WPT Employees Roast, Toast Vince Van Patten at Special Party
It's been Mike Sexton crushing tournaments and dominating headlines lately, but the other half of the World Poker Tour's famed broadcasting team took center stage for a shenanigan-filled night in Florida.
WPT employees took turns verbally reducing Vince Van Patten to ash at the company's "Vince Van Patten Roast," an invite-only party that took place at The Capital Grille in downtown Fort Lauderdale on April 5.
"It was like I died, and I was seeing my own memorial," said Van Patten in an interview to PokerNews a couple of days later. "It was fun."
The night kicked off with the whole WPT crew — the talent, the brass, the staff and even the live updates team — piling into a shuttle and going from Seminole Hard Rock to the downtown destination. Once the mass of 25 or so people piled out of the shuttle and into the restaurant, the wine started flowing and things got underway.
First up, WPT CEO Adam Pliska took the stage and began the verbal assault. Over the next couple of hours, a handful of prominent WPT employees, including fellow on-camera talent members Sexton, Tony Dunst and Lynn Gilmartin, took their turns firing haymakers at Van Patten.
All parties were present were sworn to secrecy, so the specifics of the insults cannot be revealed. Roasters took aim at Van Patten's professional tennis career — the man peaked at 26th in the world — as well as his poker prowess and his perfectly tanned and coiffed appearance.
None of it came as a surprise to Van Patten, who said he had a good idea of what his colleagues would be coming at him with. Sexton in particular made his bit count though, according to Van Patten.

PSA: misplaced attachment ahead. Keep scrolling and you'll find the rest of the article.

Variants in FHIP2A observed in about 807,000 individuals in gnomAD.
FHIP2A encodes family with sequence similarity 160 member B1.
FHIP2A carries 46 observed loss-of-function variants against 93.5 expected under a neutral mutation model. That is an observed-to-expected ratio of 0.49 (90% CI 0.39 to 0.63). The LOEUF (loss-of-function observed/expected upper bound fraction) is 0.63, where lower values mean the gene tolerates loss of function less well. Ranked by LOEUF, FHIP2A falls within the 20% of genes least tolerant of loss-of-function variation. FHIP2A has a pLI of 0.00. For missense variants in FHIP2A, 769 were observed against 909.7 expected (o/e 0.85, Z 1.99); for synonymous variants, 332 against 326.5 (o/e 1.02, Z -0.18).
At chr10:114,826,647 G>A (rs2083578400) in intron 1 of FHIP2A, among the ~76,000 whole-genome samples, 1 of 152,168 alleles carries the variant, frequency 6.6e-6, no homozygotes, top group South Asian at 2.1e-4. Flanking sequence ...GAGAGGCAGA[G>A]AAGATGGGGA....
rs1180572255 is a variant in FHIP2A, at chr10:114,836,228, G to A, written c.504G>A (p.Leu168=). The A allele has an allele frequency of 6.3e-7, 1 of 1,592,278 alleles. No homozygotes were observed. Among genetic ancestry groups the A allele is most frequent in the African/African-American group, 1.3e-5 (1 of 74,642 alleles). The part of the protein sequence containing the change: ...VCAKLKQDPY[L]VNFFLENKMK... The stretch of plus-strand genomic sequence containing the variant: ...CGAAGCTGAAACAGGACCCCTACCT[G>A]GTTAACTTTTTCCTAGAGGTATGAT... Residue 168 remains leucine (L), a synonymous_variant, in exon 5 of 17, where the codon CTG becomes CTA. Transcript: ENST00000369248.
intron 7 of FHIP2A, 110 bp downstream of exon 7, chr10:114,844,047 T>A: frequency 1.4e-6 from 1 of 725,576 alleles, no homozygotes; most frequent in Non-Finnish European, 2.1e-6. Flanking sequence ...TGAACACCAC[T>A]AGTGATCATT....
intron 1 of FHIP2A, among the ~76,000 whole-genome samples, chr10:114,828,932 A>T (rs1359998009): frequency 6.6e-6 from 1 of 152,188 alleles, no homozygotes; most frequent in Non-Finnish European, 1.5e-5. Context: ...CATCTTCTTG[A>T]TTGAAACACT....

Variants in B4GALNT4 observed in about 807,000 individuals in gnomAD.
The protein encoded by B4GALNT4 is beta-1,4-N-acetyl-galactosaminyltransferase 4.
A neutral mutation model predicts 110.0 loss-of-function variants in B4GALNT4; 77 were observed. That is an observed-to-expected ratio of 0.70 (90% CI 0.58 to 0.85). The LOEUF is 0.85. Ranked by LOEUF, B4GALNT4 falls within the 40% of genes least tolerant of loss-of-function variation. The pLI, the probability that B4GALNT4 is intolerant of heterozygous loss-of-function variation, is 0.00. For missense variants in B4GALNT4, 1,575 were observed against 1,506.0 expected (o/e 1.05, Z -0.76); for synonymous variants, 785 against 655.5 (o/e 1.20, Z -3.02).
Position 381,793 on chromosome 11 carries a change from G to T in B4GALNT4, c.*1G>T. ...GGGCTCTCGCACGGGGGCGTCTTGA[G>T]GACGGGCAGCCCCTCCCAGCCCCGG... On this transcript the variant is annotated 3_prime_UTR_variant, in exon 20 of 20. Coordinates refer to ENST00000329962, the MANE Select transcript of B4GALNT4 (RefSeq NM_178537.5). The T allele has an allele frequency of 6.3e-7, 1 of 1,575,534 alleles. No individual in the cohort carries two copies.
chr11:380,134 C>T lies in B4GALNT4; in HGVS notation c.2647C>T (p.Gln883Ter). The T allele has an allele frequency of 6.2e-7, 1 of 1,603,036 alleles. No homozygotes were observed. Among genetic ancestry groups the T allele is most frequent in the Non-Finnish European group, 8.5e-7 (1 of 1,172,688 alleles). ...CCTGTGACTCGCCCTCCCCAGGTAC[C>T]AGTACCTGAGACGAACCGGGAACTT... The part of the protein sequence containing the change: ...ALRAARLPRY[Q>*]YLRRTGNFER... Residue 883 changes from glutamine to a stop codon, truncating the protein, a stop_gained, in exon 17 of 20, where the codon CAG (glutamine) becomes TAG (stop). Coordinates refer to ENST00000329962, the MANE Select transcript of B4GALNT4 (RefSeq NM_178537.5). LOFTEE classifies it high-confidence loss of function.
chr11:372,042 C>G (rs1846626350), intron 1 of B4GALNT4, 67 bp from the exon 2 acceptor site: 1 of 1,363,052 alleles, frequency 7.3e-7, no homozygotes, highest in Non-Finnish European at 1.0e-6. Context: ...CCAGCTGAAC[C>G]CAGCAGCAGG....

"I think Mike went under the belt a little bit," Van Patten said. "Perfectly funny. He was probably the most shocking, and I like that."
Of course, as is the custom at any roast, Van Patten picked himself up off the canvas at the end and got his chance to return fire. Van Patten appeared to be more than ready, and he may have had the most fiery turn of anyone with the mic.
He said it was easier than having to prepare material, as he did for the company's previous roasts.
"I jotted down a few basic points, but then I didn't read any. I just made it up, and it works out better that way," he said. "You don't think too much about it. You just dig in a little bit and then roast them a little bit."
After dessert, including a custom-made cake, partygoers drained the last drops of wine from their glasses. Everyone thanked Van Patten for his years of work for the WPT, and the festivities wrapped up.
On the whole, Van Patten said the night was a success.
"It was a great roast," he said. "People were legitimately laughing all night long. I think people had a great time."
All photos courtesy of Jayne Furman and the WPT
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